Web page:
Absurdly Driven looks at the world of business with a skeptical eye and a firmly rooted tongue in cheek.
The most humorous aspect of modern life is that it claims to have made our lives easier, yet somehow our lives don't seem easier at all.
Suddenly, we worry about being spied on, phished and hacked.
It seems the dangers are coming from all parts of the globe.
Sometimes, though, a company will consider how technology can truly help its customers.
This may be one of those times and it's courtesy of those wily, twisted innovators at Burger King.
They sat down one day and considered when customers might most crave a big, juicy Whopper.
When they're sitting in interminable traffic, of course.
So Burger King created a special service by which you order your food via the King's app -- yes, there are voice commands -- and bike riders bring it right to your car.
It seems so simple, doesn't it?
The pilot program in Mexico City was a success.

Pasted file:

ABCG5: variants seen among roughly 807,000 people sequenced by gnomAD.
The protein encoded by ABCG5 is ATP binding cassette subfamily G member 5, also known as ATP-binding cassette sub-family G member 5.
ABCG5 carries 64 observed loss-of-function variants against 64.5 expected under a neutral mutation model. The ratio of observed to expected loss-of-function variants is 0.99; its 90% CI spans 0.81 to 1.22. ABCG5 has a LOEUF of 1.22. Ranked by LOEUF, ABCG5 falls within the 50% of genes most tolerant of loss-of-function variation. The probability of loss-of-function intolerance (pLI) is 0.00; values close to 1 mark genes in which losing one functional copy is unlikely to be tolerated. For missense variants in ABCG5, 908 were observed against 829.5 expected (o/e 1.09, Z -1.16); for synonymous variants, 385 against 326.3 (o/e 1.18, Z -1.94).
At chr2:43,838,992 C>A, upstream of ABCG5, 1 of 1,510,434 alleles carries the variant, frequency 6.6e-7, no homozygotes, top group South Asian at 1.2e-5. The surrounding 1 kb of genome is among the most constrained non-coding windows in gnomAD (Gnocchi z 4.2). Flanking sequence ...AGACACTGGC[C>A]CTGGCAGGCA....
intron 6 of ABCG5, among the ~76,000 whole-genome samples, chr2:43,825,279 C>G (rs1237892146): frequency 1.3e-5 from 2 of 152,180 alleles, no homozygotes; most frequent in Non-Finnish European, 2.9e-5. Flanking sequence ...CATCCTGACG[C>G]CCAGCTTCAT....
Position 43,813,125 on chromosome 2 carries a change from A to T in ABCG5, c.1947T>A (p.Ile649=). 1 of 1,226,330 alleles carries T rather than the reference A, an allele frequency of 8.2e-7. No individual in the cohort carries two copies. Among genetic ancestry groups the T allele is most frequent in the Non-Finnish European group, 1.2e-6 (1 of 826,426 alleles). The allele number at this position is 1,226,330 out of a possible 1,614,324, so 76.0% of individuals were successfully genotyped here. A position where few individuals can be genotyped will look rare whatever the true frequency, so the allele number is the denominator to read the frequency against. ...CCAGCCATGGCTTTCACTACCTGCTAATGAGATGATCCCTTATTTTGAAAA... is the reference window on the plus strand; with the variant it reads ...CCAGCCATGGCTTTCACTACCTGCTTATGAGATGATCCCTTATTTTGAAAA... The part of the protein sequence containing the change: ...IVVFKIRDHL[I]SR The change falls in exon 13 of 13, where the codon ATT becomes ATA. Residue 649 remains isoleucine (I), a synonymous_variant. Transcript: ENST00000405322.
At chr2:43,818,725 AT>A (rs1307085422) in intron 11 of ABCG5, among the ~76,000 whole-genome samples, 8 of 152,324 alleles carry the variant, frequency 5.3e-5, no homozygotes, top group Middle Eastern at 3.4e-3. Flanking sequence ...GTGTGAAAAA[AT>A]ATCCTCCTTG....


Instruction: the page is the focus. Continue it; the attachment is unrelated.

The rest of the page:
Burger King says that, at the worst moments, residents sit in traffic for up to 5 hours a day.
You might wonder, though, how Burger King knew where the worst traffic spots might be.
Well, the company used real-time data to assess where the most traffic-related hunger pangs might be experienced.
Then, it alerted local restaurants and coordinated with them to ensure the quickest deliveries.
Burger King even used Waze to advertise the service, as well as billboards strategically placed to warn drivers about how long delays might be.
Adweek reports that, in the first week of the month-long trial, Burger King experienced a 63 percent increase in orders and a 44-fold download of its app.
I'd be remiss not to mention that eating fast food when you're sedentary for hours may not be the healthiest way to go about life.
But as an intelligent use of technology, this at least shows an understanding of customer needs and a proactive attitude that customers will surely appreciate.
Technology has made great incursions into the fast food world.
For example, McDonald's is rapidly expanding its touchscreen ordering systems. Its recent purchase of tech personalization company Dynamic Yield also suggests the burger chain wants to make technology the very basis for its future service.
Can we look forward, one day, to being stuck in traffic and watching Burger King and McDonald's bikers racing each other in traffic to see who can deliver burgers to drivers first?
I imagine you'll be able to watch the race on your Waze app and see who's really the quickest.
Modern life. It's a just a video game, really.